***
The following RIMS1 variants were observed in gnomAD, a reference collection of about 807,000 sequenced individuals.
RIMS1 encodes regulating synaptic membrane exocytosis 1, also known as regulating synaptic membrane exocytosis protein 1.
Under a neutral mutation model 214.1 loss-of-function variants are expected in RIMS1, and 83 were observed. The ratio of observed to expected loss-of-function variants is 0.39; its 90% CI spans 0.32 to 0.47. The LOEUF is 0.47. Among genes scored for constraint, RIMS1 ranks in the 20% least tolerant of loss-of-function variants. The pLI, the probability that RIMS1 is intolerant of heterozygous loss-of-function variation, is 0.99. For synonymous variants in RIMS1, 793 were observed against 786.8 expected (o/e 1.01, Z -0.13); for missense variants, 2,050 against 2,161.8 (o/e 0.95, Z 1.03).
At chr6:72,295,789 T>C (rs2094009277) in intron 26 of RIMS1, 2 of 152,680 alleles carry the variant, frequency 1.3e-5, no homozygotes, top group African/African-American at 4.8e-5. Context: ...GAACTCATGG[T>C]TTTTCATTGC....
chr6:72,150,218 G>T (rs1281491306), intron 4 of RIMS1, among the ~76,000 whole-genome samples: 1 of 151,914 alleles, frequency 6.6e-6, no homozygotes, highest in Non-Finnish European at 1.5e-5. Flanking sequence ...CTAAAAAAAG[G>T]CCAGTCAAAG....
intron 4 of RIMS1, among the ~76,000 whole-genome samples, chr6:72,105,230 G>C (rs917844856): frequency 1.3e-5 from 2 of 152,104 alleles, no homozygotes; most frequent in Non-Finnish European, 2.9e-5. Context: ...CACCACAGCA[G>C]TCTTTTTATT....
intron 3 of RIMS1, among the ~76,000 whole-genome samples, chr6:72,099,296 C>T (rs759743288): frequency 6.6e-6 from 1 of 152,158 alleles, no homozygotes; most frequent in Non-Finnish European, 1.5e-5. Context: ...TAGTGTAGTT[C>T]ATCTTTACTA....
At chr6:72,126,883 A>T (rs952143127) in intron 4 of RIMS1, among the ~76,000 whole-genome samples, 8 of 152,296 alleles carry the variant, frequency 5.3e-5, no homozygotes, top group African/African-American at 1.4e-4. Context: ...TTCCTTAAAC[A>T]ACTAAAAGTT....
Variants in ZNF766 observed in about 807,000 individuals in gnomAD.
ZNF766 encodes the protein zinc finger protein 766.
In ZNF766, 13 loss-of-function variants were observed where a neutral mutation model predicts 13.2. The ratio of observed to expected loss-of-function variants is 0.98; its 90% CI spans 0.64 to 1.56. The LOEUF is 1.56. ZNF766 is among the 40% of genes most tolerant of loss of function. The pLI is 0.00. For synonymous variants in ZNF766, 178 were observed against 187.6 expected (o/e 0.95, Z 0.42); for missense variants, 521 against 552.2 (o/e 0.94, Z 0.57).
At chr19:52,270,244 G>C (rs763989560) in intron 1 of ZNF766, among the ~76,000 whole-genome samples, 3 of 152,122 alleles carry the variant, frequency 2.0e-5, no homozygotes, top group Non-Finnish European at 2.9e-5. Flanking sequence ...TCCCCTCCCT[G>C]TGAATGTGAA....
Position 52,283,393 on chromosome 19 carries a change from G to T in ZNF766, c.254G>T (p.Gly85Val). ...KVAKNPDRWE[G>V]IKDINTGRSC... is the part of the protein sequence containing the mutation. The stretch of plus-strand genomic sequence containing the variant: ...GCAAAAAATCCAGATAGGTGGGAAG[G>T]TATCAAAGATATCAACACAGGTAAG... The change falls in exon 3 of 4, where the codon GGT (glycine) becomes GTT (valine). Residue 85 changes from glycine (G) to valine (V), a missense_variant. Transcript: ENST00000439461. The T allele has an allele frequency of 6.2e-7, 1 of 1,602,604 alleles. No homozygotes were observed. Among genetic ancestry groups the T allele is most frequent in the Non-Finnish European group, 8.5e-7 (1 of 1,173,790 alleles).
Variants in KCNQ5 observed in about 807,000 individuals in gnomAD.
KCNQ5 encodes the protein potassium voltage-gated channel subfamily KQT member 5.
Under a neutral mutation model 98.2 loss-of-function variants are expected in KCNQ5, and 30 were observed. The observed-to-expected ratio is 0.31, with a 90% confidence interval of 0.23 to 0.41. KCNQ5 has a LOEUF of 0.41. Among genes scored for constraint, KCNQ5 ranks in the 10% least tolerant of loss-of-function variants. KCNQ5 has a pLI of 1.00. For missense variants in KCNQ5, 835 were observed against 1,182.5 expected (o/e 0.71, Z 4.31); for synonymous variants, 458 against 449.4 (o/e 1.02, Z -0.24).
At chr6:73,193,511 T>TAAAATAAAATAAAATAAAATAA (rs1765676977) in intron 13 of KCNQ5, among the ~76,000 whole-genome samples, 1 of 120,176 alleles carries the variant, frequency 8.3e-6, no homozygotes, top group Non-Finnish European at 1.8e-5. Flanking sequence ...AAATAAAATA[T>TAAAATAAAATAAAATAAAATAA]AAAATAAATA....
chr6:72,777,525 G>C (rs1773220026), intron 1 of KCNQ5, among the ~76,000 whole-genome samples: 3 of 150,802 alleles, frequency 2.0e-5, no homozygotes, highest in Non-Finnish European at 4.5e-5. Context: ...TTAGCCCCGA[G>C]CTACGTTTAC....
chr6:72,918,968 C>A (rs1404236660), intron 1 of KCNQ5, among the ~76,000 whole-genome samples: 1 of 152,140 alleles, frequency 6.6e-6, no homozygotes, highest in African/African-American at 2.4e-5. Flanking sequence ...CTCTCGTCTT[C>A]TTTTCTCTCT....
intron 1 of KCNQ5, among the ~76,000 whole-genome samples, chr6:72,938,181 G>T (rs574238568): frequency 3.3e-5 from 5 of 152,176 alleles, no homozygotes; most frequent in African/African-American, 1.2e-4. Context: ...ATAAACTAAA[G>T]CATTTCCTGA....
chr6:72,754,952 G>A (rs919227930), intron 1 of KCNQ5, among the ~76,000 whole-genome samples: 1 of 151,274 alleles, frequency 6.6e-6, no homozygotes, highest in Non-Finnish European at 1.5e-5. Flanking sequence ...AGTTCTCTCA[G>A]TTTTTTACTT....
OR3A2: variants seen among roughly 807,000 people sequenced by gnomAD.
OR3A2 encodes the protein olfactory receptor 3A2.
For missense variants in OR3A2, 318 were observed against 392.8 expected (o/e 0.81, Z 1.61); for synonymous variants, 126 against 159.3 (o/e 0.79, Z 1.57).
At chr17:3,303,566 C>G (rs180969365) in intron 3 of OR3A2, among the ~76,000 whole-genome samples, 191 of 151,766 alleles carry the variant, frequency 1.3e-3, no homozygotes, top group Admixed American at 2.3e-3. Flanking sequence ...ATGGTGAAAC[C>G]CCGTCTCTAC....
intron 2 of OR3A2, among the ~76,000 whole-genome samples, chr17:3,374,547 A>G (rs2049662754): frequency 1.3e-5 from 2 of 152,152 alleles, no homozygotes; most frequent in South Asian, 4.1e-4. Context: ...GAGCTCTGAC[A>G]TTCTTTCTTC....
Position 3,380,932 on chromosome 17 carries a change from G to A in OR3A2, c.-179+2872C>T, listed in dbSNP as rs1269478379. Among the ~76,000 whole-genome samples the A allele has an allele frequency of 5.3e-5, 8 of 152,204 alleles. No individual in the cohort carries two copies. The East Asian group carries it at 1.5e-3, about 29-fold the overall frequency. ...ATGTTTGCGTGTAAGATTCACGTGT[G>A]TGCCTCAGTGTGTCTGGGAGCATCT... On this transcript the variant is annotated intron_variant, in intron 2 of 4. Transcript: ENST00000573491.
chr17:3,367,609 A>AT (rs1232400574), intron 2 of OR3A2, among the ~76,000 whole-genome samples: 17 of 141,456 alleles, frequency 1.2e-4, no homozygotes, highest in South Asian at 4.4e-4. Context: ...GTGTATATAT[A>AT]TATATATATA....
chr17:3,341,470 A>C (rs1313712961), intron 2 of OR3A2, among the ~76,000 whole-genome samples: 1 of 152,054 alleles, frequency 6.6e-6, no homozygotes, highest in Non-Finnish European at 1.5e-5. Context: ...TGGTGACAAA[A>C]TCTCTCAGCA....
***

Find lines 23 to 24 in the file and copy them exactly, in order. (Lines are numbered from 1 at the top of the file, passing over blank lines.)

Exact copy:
OR3A2 encodes the protein olfactory receptor 3A2.
For missense variants in OR3A2, 318 were observed against 392.8 expected (o/e 0.81, Z 1.61); for synonymous variants, 126 against 159.3 (o/e 0.79, Z 1.57).